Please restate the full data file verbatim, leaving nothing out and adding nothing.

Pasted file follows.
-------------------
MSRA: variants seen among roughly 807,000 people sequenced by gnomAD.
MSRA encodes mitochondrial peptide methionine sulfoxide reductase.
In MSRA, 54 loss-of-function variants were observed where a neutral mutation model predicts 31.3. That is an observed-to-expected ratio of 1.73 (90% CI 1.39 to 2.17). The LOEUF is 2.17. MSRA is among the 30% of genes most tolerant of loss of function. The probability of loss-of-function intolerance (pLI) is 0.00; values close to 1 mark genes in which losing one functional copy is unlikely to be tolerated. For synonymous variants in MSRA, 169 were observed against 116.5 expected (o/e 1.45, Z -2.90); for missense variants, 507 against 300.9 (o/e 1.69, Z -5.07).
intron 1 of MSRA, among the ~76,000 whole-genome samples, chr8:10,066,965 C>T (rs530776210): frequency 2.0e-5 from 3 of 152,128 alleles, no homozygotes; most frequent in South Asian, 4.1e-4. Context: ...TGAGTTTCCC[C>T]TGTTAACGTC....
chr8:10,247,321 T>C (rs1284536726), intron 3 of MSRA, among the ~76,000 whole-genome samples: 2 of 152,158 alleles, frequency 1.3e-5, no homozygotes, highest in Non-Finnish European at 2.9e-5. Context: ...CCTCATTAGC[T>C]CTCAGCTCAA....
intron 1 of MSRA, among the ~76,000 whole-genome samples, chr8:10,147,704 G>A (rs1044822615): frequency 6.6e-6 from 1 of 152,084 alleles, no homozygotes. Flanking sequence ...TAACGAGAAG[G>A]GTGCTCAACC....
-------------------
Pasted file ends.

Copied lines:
MSRA: variants seen among roughly 807,000 people sequenced by gnomAD.
MSRA encodes mitochondrial peptide methionine sulfoxide reductase.
In MSRA, 54 loss-of-function variants were observed where a neutral mutation model predicts 31.3. That is an observed-to-expected ratio of 1.73 (90% CI 1.39 to 2.17). The LOEUF is 2.17. MSRA is among the 30% of genes most tolerant of loss of function. The probability of loss-of-function intolerance (pLI) is 0.00; values close to 1 mark genes in which losing one functional copy is unlikely to be tolerated. For synonymous variants in MSRA, 169 were observed against 116.5 expected (o/e 1.45, Z -2.90); for missense variants, 507 against 300.9 (o/e 1.69, Z -5.07).
intron 1 of MSRA, among the ~76,000 whole-genome samples, chr8:10,066,965 C>T (rs530776210): frequency 2.0e-5 from 3 of 152,128 alleles, no homozygotes; most frequent in South Asian, 4.1e-4. Context: ...TGAGTTTCCC[C>T]TGTTAACGTC....
chr8:10,247,321 T>C (rs1284536726), intron 3 of MSRA, among the ~76,000 whole-genome samples: 2 of 152,158 alleles, frequency 1.3e-5, no homozygotes, highest in Non-Finnish European at 2.9e-5. Context: ...CCTCATTAGC[T>C]CTCAGCTCAA....
intron 1 of MSRA, among the ~76,000 whole-genome samples, chr8:10,147,704 G>A (rs1044822615): frequency 6.6e-6 from 1 of 152,084 alleles, no homozygotes. Flanking sequence ...TAACGAGAAG[G>A]GTGCTCAACC....